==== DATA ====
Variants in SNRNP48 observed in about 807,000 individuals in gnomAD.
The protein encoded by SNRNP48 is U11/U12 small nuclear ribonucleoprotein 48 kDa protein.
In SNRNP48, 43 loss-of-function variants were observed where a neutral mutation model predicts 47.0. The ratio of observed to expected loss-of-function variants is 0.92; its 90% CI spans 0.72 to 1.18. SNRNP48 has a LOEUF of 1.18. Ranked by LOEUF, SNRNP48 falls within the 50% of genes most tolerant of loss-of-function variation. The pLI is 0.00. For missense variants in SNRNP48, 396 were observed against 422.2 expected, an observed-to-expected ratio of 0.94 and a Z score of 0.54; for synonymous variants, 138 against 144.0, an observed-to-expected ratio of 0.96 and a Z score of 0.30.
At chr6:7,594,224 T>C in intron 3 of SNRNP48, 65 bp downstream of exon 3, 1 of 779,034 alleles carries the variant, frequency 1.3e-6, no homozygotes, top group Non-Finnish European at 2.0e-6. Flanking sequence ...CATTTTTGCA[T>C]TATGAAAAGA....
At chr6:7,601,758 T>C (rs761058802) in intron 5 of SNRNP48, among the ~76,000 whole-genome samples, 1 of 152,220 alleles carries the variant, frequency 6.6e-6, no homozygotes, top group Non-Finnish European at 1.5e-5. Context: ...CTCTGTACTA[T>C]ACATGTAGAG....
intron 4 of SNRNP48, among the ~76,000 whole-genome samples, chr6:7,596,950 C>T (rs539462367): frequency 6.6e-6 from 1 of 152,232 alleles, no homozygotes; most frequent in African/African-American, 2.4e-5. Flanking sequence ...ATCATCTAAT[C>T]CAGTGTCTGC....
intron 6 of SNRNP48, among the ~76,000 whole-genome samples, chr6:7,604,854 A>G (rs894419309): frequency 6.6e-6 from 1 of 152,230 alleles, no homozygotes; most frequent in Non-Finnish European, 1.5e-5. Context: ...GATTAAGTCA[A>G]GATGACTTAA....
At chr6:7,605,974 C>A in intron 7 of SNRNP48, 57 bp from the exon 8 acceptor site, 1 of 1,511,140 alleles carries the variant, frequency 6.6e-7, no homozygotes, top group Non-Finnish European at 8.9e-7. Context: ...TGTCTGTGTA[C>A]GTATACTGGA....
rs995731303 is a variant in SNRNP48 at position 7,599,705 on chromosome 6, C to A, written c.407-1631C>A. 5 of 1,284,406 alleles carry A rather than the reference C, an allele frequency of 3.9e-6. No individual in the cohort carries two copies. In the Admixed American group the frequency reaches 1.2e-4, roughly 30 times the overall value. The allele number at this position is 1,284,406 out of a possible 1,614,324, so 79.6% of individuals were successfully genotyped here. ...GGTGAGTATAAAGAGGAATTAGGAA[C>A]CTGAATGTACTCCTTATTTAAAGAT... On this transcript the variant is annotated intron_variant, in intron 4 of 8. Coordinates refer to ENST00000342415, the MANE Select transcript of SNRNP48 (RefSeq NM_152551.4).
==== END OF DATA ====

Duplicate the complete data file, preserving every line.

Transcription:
Variants in SNRNP48 observed in about 807,000 individuals in gnomAD.
The protein encoded by SNRNP48 is U11/U12 small nuclear ribonucleoprotein 48 kDa protein.
In SNRNP48, 43 loss-of-function variants were observed where a neutral mutation model predicts 47.0. The ratio of observed to expected loss-of-function variants is 0.92; its 90% CI spans 0.72 to 1.18. SNRNP48 has a LOEUF of 1.18. Ranked by LOEUF, SNRNP48 falls within the 50% of genes most tolerant of loss-of-function variation. The pLI is 0.00. For missense variants in SNRNP48, 396 were observed against 422.2 expected, an observed-to-expected ratio of 0.94 and a Z score of 0.54; for synonymous variants, 138 against 144.0, an observed-to-expected ratio of 0.96 and a Z score of 0.30.
At chr6:7,594,224 T>C in intron 3 of SNRNP48, 65 bp downstream of exon 3, 1 of 779,034 alleles carries the variant, frequency 1.3e-6, no homozygotes, top group Non-Finnish European at 2.0e-6. Flanking sequence ...CATTTTTGCA[T>C]TATGAAAAGA....
At chr6:7,601,758 T>C (rs761058802) in intron 5 of SNRNP48, among the ~76,000 whole-genome samples, 1 of 152,220 alleles carries the variant, frequency 6.6e-6, no homozygotes, top group Non-Finnish European at 1.5e-5. Context: ...CTCTGTACTA[T>C]ACATGTAGAG....
intron 4 of SNRNP48, among the ~76,000 whole-genome samples, chr6:7,596,950 C>T (rs539462367): frequency 6.6e-6 from 1 of 152,232 alleles, no homozygotes; most frequent in African/African-American, 2.4e-5. Flanking sequence ...ATCATCTAAT[C>T]CAGTGTCTGC....
intron 6 of SNRNP48, among the ~76,000 whole-genome samples, chr6:7,604,854 A>G (rs894419309): frequency 6.6e-6 from 1 of 152,230 alleles, no homozygotes; most frequent in Non-Finnish European, 1.5e-5. Context: ...GATTAAGTCA[A>G]GATGACTTAA....
At chr6:7,605,974 C>A in intron 7 of SNRNP48, 57 bp from the exon 8 acceptor site, 1 of 1,511,140 alleles carries the variant, frequency 6.6e-7, no homozygotes, top group Non-Finnish European at 8.9e-7. Context: ...TGTCTGTGTA[C>A]GTATACTGGA....
rs995731303 is a variant in SNRNP48 at position 7,599,705 on chromosome 6, C to A, written c.407-1631C>A. 5 of 1,284,406 alleles carry A rather than the reference C, an allele frequency of 3.9e-6. No individual in the cohort carries two copies. In the Admixed American group the frequency reaches 1.2e-4, roughly 30 times the overall value. The allele number at this position is 1,284,406 out of a possible 1,614,324, so 79.6% of individuals were successfully genotyped here. ...GGTGAGTATAAAGAGGAATTAGGAA[C>A]CTGAATGTACTCCTTATTTAAAGAT... On this transcript the variant is annotated intron_variant, in intron 4 of 8. Coordinates refer to ENST00000342415, the MANE Select transcript of SNRNP48 (RefSeq NM_152551.4).